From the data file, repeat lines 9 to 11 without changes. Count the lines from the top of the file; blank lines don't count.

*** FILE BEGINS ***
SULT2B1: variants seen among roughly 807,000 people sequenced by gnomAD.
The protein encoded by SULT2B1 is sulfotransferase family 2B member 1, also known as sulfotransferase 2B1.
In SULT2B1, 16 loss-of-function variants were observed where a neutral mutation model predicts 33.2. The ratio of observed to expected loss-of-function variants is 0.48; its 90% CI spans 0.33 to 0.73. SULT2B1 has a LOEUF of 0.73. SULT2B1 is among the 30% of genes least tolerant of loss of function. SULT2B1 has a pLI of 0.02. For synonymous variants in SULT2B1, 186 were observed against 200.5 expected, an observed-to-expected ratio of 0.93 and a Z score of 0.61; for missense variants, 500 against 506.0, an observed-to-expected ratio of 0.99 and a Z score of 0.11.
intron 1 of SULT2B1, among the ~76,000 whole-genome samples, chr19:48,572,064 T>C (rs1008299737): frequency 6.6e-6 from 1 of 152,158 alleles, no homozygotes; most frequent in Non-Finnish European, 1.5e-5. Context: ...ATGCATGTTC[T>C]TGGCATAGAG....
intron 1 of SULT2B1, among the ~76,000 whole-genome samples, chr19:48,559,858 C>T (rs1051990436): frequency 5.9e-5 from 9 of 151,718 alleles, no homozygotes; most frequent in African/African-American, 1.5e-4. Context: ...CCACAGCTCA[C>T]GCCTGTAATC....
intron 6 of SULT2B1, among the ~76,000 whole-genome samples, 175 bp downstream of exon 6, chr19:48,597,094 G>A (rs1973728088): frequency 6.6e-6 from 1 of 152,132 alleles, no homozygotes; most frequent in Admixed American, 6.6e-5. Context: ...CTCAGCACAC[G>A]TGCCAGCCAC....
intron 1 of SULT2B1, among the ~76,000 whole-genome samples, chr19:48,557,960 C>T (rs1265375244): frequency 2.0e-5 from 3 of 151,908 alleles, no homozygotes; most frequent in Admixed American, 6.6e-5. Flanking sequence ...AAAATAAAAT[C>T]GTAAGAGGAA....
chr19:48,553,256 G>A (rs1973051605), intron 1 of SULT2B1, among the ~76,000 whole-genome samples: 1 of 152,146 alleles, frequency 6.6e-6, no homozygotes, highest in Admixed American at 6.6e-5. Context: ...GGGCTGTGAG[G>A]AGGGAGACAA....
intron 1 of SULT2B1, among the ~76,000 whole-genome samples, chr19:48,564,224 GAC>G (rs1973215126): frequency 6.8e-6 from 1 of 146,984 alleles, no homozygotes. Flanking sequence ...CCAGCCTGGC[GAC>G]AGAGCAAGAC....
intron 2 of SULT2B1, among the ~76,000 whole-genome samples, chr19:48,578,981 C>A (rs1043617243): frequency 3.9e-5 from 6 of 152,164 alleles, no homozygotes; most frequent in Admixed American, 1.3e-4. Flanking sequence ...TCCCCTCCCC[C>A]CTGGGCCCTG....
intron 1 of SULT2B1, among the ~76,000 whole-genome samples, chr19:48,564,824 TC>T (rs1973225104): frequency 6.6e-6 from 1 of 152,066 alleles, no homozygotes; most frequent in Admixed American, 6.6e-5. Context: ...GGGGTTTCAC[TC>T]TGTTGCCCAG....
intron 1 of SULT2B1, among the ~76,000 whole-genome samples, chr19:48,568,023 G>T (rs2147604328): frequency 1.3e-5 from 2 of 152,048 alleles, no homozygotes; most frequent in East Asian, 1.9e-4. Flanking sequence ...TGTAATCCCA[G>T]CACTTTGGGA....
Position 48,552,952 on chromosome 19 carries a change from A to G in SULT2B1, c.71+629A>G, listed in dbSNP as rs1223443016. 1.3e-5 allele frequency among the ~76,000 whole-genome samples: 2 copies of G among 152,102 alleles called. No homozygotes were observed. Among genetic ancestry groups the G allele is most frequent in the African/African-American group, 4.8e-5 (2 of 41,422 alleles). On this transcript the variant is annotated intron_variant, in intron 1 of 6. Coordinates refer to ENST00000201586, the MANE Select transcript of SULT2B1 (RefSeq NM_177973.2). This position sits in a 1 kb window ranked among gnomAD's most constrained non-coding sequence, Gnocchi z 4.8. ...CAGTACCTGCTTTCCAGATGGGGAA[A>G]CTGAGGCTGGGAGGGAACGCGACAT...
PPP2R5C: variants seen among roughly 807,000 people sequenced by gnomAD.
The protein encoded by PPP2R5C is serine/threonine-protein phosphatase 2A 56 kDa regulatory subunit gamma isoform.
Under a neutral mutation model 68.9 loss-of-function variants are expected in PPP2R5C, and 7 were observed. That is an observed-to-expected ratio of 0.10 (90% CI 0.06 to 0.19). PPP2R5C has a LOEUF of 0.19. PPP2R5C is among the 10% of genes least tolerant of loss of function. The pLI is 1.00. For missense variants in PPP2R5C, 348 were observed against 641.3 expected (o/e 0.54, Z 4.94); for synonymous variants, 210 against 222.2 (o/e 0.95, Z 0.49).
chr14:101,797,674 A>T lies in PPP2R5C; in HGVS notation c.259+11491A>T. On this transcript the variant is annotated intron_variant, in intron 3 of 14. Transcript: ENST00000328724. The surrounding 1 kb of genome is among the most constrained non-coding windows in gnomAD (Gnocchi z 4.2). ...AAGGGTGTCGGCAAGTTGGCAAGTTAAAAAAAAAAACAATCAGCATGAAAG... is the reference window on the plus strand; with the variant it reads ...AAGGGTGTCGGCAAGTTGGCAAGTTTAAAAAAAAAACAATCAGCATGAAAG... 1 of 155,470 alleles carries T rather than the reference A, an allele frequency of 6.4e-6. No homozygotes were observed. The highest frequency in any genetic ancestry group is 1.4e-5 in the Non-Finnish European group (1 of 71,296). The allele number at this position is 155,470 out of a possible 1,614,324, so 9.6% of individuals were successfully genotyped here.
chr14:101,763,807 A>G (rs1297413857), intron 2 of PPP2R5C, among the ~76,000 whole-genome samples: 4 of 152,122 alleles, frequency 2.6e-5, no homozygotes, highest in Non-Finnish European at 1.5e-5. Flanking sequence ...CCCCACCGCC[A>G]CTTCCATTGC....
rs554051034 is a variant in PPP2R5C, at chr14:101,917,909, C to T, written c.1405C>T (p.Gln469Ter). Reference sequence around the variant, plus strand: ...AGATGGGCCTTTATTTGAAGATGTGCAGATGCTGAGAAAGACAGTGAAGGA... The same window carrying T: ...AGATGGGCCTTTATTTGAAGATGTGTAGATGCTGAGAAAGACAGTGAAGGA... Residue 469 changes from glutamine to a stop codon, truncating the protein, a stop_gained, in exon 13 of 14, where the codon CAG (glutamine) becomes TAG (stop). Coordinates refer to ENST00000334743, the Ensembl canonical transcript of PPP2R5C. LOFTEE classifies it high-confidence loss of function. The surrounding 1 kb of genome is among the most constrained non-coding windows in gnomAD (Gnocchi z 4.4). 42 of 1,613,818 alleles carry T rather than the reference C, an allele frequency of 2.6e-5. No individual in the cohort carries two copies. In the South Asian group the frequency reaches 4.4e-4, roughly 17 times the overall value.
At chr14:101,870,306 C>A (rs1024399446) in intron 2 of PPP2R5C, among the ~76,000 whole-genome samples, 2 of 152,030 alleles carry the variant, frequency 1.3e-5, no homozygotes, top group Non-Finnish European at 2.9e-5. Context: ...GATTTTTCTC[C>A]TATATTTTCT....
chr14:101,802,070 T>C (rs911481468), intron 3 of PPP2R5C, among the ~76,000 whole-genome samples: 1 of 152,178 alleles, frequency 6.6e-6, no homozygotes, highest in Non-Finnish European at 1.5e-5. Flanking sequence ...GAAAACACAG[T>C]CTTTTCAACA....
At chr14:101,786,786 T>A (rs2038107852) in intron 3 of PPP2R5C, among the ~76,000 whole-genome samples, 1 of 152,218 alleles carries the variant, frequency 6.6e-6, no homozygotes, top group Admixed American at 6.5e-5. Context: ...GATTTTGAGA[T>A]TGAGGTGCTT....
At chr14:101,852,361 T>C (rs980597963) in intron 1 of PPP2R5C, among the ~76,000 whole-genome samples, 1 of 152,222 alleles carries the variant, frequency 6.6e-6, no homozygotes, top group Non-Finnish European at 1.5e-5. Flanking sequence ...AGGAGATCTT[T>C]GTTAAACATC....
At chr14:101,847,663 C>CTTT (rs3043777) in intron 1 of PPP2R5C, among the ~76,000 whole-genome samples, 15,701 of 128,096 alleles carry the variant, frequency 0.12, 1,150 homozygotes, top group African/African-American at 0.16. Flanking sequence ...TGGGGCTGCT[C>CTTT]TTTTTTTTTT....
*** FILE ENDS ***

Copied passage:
intron 1 of SULT2B1, among the ~76,000 whole-genome samples, chr19:48,564,224 GAC>G (rs1973215126): frequency 6.8e-6 from 1 of 146,984 alleles, no homozygotes. Flanking sequence ...CCAGCCTGGC[GAC>G]AGAGCAAGAC....
intron 2 of SULT2B1, among the ~76,000 whole-genome samples, chr19:48,578,981 C>A (rs1043617243): frequency 3.9e-5 from 6 of 152,164 alleles, no homozygotes; most frequent in Admixed American, 1.3e-4. Flanking sequence ...TCCCCTCCCC[C>A]CTGGGCCCTG....
intron 1 of SULT2B1, among the ~76,000 whole-genome samples, chr19:48,564,824 TC>T (rs1973225104): frequency 6.6e-6 from 1 of 152,066 alleles, no homozygotes; most frequent in Admixed American, 6.6e-5. Context: ...GGGGTTTCAC[TC>T]TGTTGCCCAG....